The British Prime Minister Boris Johnson will write a letter to the European Union, asking for a delay to Brexit beyond October if there is no exit deal approved by the UK parliament by Saturday.
The country's Brexit Secretary Stephen Barclay told a committee of MPs that Mr Johnson will "comply" with legislation, aimed at blocking a no-deal Brexit at the end of the month, passed by opposition MPs there last month.
This law compels Mr Johnson to ask for a three-month extension to the Article 50 negotiating period, to January 31st 2020, if MPs have not approved a Brexit deal - or explicitly authorised a no-deal Brexit - by October 19th.
Earlier this month, it was revealed UK government documents submitted to a court stated that Mr Johnson "will send a letter... no later than 19 October" to the EU asking for a Brexit delay.
Mr Johnson has repeatedly promised to take the UK out of the EU on October 31st, with or without a deal, and would "rather be dead in a ditch" than ask Brussels for a delay.
Mr Barclay told the House of Commons' Brexit committee on Wednesday: "I can confirm, as the prime minister has repeatedly set out, that firstly the government will comply with the law.
"And, secondly, the government will comply with undertakings given to the court in respect of the law."
Pressed by the committee chair, UK Labour MP Hilary Benn, as to whether this will involve Mr Johnson sending a letter to the EU, Mr Barclay replied: "I confirm the government will abide by what it set out in that letter."
Asked again if that meant the prime minister sending a letter, Mr Barclay added: "You read it out and I refer back to that text."
Mr Benn, who introduced the so-called 'Benn Bill' that led to the legal requirements for a Brexit delay in the absence of a deal, replied: "That's helpful that you have confirmed that he will send that letter."
Mr Barclay later told MPs he is "not aware of any such plan" to send two letters to the EU, following suggestions the prime minister could send one letter asking for a Brexit delay - in order to abide by the law - and another arguing against one.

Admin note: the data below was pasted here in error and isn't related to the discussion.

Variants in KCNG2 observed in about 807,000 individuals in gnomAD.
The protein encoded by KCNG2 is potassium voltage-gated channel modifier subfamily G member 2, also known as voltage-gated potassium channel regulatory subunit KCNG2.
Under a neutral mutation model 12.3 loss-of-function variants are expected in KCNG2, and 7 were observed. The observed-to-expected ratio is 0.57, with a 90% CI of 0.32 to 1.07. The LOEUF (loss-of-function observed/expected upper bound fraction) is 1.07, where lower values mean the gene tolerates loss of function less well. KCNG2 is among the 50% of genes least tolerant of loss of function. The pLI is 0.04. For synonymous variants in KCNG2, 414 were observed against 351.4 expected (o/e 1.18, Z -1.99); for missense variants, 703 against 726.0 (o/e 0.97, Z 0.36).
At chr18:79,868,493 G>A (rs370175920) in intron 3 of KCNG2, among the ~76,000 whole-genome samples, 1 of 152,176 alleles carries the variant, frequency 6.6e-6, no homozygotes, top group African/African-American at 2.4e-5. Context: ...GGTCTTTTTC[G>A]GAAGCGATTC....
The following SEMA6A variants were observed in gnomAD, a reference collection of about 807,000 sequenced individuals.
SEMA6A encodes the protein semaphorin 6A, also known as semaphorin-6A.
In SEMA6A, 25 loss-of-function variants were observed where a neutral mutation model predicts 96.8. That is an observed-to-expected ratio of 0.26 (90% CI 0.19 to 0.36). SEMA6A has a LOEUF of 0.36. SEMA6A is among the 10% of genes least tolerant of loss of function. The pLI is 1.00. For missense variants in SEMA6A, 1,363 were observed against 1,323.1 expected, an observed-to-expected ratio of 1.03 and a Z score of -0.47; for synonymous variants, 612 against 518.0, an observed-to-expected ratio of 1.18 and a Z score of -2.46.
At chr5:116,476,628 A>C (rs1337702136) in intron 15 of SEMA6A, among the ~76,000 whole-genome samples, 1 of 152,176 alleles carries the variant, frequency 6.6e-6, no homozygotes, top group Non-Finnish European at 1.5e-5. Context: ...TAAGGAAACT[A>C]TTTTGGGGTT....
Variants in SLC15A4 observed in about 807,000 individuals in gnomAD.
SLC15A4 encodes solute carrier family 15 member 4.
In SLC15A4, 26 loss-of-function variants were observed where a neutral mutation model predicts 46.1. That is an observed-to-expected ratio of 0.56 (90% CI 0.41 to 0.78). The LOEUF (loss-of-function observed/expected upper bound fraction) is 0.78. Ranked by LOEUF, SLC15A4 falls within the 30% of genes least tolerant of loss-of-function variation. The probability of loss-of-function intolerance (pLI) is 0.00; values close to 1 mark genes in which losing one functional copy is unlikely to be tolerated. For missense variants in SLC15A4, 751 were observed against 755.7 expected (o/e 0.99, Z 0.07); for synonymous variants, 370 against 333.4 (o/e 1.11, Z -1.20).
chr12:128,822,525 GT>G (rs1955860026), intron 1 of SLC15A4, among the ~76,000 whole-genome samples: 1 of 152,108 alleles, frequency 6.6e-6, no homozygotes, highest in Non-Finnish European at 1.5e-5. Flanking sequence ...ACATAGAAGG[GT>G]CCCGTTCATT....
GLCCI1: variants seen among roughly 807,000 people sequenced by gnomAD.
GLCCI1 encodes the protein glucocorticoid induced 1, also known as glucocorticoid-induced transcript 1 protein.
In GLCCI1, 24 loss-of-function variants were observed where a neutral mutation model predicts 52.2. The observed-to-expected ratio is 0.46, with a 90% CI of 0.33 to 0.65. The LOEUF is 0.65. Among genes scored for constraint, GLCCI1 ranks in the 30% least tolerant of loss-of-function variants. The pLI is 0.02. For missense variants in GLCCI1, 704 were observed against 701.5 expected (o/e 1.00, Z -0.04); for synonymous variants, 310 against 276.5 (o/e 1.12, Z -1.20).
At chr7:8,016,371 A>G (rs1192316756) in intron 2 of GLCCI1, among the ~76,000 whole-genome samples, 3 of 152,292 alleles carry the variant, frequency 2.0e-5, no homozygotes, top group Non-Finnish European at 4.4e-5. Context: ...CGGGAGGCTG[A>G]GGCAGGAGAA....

The Taoiseach Leo Varadkar said he is hopeful that the remaining issues surrounding a Brexit deal can be resolved on Wednesday.
"We are making progress but there are issues yet to be resolved - and hopefully that can be done today, allowing us to ratify the agreement at European Council tomorrow [and] allowing the House of Commons to gives its view on it on Saturday.
"But if it's not, there is still more time: the 31st of October is still a few weeks away"
EU and UK negotiators are still locked in talks in Brussels over a new Brexit deal, with discussions having run late on Tuesday night and resuming earlier on Wednesday.
The EU's chief Brexit negotiator Michel Barnier is due to meet EU diplomats later, where he will tell them whether or not he can recommend a UK withdrawal agreement, ahead of a European Council summit of EU leaders on Thursday.
Meanwhile, the leader of Northern Ireland's DUP party has dismissed reports of movement on a Brexit deal as 'nonsense'.
Arlene Foster was responding to EU sources whcih said the main stumbling block to a deal had been removed - with the DUP accepting the latest proposals on consent.
But Mrs Foster said: "'EU sources' are talking nonsense. Discussions continue. Needs to be a sensible deal which unionists and nationalists can support."
'EU sources' are talking nonsense. Discussions continue. Needs to be a sensible deal which unionists and nationalists can support. https://t.co/CpugVBfyBZ
— Arlene Foster (@DUPleader) October 16, 2019
If a Brexit deal is approved by EU leaders at this week's summit, the UK House of Commons could be asked to approve an agreement in a rare Saturday sitting.
However, Mr Barclay told the committee he could not yet confirm whether MPs will be asked to be in Westminster this weekend.
It has also been revealed that Mr Varadkar held a "constructive" phone call with Mr Johnson on Wednesday morning.
Speaking from Luxembourg on Tuesday, Tánaiste Simon Coveney said progress was slow.
"I think this isn't the time for optimism or pessimism, quite frankly - I think we need to deal with the facts as we see them.
"The negotiating teams have made progress, but it's been slow - and they would need to make significant progress today if there is to be a deal that Michel Barnier can report on tomorrow to EU capitals in advance of the leader's summit.
"That is what he would like to do, I also believe that is what the UK would like to see happen in terms of timelines.
"But it's a matter for the negotiation teams to see whether they can get that legal text in place".
Mr Johnson has been urged on by former Brexit secretary David Davis, who quit in July 2017 over Theresa May's proposal for the future UK-EU relationship.
He asked hardliner colleagues to back Mr Johnson's plan because "this is the last play".
"There's little doubt the deal we'll come up with this week will not be perfect from the point of view of people like me, or what you call the 'Spartans' or whatever," he told Sky News.
"But, nevertheless, we will probably vote for it because it's as close as we're going to get to what we promised the electorate."
The Liberal Democrats are also planning to re-launch their bid for another referendum, by trying to amend a speech by Queen Elizabeth II, being debated this week and next to pave the way for one.
Additional reporting: IRN